Dumb crank question!

So I got my new 140 mm cranks in the mail today and am in the process of removing my 127’s off the Sem XL which I did fine with my new crank puller. But now, it seems like a stupid question, but how do the new cranks go on? What makes them snug in there tightly like the first set of cranks?

The orginal cranks were obivously quite compressed on to the hub hence the need for the crank puller but should I have purchased some other specialized tool that assists with putting the new cranks back on… or is there something I just don’t know about this… DUH, yeah right, for sure there is something I don’t know or I wouldn’t be asking you guys right?! LOL

Anyhow, what do I need to do to put the new cranks on?

I’m going out for a ride on my 20 inch while there’s still daylight and hopefully when I’m back there will be some suggestions for me here… thanks in advance.


some will tell you to lightly grease the square tapers, I dont really know if it’s good or not. then push one onto the correct side, tighten the nut down as tight as you can. Then I hammer then on with a block of wood protecting from damage, then tighted the nuts again. Mr. Childs will give you a more enclusive view, but this is a start.

whenever i’ve changed cranks, i’ve just placed them on and then when you tighten the bolt, the crank naturally slides into a snug fit,
are they splined or just standard coterless?
if you do get them on then just a small point, don’t do them up as tight as you can, tighten them to 40 pounds (if you have a tourte wrench)

i know this won’t help, but get back to me with more details


Search for tips on installing cranks. John Childs has posted his recipe several times. His requires a special tool for one part of the process. I don’t always grease the tapers, especially if I’m putting aluminum cranks on a steel axle but that doesn’t mean I’m right. John ALWAYS does.

1.) Put the LEFT crank on the LEFT side of your uni.
2.) Put the RIGHT crank on the RIGHT side (they are marked L and R).
3.) Place a piece of wood on the HARD (concrete) ground or floor (the pieces of wood are to protect your cranks and should be centered under or over the axle).
4.) Balance the uni on the board on one of the cranks (center the axle, not the crank, on the board).
5.) Place another piece of wood over the other crank (center over the axle).
6.) Smack the top piece of wood with a hammer (HARD) DIRECTLY over the CENTER of the AXLE.
7.) Flip the uni over and do the same thing.
8.) Install nuts or bolts, whichever are appropriate, and tighten.
9.) Install the LEFT pedal on the LEFT crank and the RIGHT pedal on the RIGHT crank. They are marked L and R. The LEFT ones are LEFT HAND THREADED and will seem to go on backwards. As you look at the outer edge of the LEFT pedal toward the LEFT crank the pedal axle will turn COUNTER-CLOCKWISE to tighten.
10.) Ride a short distance and retighten the crank nuts (bolts) until they no longer require tightening between rides.
11.) NEVER ride a uni with LOOSE cranks or pedals!

I have a dumb question myself. I just got a crank puller for x-mas.
How do I take a crank off with it.
AKA I dont have a clue how to use it

Let me know


Thanks for your suggestions; the cranks are on - used the ‘sandwich between two pieces of wood and wack with a hammer’ technique. I’ve gone for a test ride and all seems fine so far.
Just one curious thing (I posted this earlier but it hasn’t appeared), the Dotek cranks look like they flare out somewhat especially when compared to the Sem XL cranks. Is this a feature of the Dotek’s? I don’t think they are installed in any way incorrectly though of course this is my first shot at installing cranks. Anyways, cranks on my other uni’s seem to be parallel to the frame but these new cranks flare out from the hub toward the pedal. Any ideas?


This “flaring” is referred to as “Q” for some reason. I haven’t seen any quantification of the “Q” factor of cranks and am constantly hoping that some educated person on this newsgroup would just come out and say it so I wouldn’t have to research it.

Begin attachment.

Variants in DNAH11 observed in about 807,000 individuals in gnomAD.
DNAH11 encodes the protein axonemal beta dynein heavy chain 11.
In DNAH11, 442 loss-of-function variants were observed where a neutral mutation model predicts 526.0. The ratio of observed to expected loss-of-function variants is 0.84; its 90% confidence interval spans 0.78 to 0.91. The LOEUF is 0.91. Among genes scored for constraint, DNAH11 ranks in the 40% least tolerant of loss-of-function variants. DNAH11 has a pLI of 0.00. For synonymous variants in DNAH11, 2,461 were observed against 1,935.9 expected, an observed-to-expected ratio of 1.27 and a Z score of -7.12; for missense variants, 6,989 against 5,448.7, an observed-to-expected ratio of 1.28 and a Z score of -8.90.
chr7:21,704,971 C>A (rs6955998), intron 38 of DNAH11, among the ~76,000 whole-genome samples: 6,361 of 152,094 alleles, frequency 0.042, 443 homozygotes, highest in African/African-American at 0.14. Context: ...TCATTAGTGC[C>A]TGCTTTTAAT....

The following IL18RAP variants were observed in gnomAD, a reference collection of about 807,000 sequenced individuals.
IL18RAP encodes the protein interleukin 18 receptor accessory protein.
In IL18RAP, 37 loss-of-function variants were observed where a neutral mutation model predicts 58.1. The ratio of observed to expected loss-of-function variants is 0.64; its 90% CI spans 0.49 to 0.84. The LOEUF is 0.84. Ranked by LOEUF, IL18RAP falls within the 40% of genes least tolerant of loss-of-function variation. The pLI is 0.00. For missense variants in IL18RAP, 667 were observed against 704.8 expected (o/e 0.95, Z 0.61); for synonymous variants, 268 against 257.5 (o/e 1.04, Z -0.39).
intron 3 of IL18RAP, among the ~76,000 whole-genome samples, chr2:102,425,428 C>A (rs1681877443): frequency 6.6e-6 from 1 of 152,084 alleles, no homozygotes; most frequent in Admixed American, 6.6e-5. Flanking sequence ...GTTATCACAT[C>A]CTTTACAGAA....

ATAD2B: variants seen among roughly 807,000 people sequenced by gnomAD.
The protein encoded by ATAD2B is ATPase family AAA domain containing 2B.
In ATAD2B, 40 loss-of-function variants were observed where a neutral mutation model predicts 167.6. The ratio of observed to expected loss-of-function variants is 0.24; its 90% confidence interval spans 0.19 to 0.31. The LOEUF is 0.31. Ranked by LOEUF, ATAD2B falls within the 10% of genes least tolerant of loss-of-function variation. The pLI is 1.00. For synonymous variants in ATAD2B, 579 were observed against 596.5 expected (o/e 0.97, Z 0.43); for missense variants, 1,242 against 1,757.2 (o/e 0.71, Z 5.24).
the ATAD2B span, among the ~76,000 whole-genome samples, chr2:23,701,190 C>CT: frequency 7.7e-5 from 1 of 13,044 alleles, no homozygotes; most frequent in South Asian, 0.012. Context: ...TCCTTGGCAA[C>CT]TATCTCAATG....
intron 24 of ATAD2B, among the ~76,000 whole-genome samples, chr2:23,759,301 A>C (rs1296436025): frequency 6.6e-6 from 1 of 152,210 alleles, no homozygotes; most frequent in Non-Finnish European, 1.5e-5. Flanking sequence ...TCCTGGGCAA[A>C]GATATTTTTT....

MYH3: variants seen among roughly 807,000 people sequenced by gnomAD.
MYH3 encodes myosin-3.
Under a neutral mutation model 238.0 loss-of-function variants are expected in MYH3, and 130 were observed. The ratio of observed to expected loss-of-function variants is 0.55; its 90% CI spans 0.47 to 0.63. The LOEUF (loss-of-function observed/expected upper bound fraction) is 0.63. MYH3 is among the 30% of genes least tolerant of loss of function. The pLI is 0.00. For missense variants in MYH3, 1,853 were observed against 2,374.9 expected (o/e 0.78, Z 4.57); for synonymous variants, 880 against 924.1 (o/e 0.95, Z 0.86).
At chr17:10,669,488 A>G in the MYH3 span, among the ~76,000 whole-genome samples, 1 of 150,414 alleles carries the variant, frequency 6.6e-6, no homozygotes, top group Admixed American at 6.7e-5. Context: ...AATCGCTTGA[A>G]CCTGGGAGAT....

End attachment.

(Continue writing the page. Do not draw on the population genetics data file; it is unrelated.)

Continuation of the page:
I have 140mm Dotek cranks on Blue Shift and they have very low “Q” especially when compared to Lascos. The Doteks are almost perpindicular to the axle but not quite. I have some 140mm steel Schwinn cranks which have a slightly higher “Q” than the Doteks and, actually, I would expect those to be similar to your Sem cranks.


Ahhhhh Harper, it pains me so to not be able to please you with pictures… so many opportunities to post pictures and so few digital cameras available… sigh…
Hang in there my friend, some day it will surely happen: Erin will post some pic’s and the country will have a national holiday to celebrate!!!

So, if I understood you correctly, and I remember you mentioned that the Dotek’s had a low Q factor when I first asked about 140 mm cranks and you replied recommending the Doteks, the Doteks should be lined up along the line of the frame, more or less, without much flaring out from the hub to the pedal. Right?

However, the Doteks I have DO flare away from the frame. They are out wider at the pedal compared to where they insert at the hub. All in all, is this a good feature or a problematic feature?

(still picture-less)

Just a few more thoughts to add to that last post…
yes, you are right, the Sem cranks do look like those Schwin cranks that you mentioned.

Also, does a high Q factor mean that the crank is quite straight and therefore turns the pedal very close in to the wheel?

And with a low Q factor does the crank cause the pedal to turn a little more out from the wheel?

just wondering…


to have a low Q-factor is to have your ankles closer together.i too have never heard a reason that the letter Q is used.

it is also used to describle the bandwidth of filters in electronics

and it seems equaly unexplaned in that field too.

Here is what I have found. The “Q” factor as it relates to cycling, is not a “factor” at all but a distance. It is more accurately referred to as the crankset “tread” which really suggests a distance. The “Q” factor, or crank tread, is the distance in millimeters measured parallel to the axle between the outside extremes of the cranks at the pedal attachment points. The easiest way to measure the “Q” factor is to remove one crank and rotate it 180 degrees and reinstall it. Then measure the distance between the outside extremes of the cranks at the pedal attachment points. The ways to reduce the “Q” factor are to reduce the axle length, make the crank as perpindicular as possible to the axle, and reduce the crank thickness at the pedal attachment point. A low “Q” factor in cycling is generally considered to be good except in mountain biking. As Dylan mentioned in this thread, a high “Q” might be beneficial in unicycle trials.